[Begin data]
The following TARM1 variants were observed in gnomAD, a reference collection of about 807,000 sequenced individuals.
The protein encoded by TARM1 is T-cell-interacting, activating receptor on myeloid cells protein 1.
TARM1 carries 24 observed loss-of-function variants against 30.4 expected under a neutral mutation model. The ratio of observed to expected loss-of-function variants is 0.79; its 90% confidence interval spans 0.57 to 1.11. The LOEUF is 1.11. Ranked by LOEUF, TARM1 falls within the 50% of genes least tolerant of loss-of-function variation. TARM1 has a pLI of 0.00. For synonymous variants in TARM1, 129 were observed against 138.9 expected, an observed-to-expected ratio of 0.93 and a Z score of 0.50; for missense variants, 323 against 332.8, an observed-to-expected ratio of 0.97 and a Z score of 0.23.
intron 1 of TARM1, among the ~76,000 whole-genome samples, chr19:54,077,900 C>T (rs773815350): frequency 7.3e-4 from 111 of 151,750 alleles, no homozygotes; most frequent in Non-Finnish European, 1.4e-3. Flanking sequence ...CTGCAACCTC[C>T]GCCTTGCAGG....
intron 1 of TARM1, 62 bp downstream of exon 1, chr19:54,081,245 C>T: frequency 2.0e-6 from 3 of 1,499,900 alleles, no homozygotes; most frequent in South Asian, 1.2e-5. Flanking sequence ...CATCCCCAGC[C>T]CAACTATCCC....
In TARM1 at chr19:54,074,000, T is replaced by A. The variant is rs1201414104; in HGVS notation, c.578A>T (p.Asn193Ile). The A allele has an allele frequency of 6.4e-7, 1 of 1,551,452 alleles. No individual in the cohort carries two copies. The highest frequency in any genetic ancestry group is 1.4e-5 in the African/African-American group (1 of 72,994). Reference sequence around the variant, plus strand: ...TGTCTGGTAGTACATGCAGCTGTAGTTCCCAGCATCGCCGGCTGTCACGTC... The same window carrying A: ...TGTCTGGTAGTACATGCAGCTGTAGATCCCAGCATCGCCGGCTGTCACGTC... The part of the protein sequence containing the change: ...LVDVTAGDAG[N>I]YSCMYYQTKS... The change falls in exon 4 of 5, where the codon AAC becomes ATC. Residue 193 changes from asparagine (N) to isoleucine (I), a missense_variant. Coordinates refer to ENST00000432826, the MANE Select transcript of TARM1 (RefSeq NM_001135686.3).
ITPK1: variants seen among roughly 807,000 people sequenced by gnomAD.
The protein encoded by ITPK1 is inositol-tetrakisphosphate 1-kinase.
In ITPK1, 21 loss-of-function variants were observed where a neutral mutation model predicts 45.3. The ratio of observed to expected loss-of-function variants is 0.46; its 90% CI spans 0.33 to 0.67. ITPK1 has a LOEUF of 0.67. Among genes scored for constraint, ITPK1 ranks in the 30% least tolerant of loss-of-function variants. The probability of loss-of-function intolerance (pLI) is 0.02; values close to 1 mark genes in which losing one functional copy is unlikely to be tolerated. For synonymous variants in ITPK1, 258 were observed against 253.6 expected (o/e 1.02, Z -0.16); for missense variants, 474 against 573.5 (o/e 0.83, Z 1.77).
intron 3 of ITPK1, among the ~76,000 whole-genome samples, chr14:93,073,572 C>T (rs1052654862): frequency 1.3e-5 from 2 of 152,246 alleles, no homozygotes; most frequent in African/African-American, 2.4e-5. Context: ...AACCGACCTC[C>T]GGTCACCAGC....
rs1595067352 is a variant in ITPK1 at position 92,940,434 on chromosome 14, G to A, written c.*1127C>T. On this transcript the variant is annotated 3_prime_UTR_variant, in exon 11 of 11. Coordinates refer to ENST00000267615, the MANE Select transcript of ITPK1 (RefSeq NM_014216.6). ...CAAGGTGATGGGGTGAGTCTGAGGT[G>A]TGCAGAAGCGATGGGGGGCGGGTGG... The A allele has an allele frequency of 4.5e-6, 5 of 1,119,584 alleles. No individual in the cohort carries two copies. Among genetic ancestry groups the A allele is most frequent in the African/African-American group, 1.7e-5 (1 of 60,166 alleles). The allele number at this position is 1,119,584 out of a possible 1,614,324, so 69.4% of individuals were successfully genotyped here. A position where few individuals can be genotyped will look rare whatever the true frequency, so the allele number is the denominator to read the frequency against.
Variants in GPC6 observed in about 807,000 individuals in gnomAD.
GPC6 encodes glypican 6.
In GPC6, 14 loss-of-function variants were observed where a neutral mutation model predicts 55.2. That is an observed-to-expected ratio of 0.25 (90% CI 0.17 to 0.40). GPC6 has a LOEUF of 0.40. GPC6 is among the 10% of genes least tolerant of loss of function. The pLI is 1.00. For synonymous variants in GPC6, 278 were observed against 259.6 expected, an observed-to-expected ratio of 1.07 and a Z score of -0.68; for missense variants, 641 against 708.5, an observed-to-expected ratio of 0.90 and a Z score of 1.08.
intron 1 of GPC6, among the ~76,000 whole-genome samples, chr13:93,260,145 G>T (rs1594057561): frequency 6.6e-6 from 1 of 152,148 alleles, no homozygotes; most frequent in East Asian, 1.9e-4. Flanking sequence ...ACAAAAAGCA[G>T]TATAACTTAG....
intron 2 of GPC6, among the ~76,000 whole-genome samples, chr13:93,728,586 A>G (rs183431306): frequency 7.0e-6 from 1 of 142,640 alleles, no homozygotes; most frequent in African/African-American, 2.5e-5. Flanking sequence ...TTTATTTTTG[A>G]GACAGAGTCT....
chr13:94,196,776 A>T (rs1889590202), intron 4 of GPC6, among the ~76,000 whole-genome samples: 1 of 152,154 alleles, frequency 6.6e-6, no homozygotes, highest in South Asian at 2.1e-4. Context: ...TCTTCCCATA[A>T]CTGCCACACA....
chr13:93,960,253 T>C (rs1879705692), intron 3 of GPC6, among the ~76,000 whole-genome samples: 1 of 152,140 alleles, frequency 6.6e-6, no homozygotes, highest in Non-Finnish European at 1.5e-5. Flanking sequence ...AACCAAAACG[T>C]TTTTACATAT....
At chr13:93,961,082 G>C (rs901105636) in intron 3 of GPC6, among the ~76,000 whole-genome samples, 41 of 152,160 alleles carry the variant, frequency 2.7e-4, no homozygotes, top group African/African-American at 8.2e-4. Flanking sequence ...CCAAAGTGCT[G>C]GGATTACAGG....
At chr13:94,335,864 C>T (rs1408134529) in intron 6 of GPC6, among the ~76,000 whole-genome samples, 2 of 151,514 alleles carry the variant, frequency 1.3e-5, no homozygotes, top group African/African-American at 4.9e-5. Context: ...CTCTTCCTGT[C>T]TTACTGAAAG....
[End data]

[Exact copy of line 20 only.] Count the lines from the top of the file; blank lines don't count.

At chr13:94,335,864 C>T (rs1408134529) in intron 6 of GPC6, among the ~76,000 whole-genome samples, 2 of 151,514 alleles carry the variant, frequency 1.3e-5, no homozygotes, top group African/African-American at 4.9e-5. Context: ...CTCTTCCTGT[C>T]TTACTGAAAG....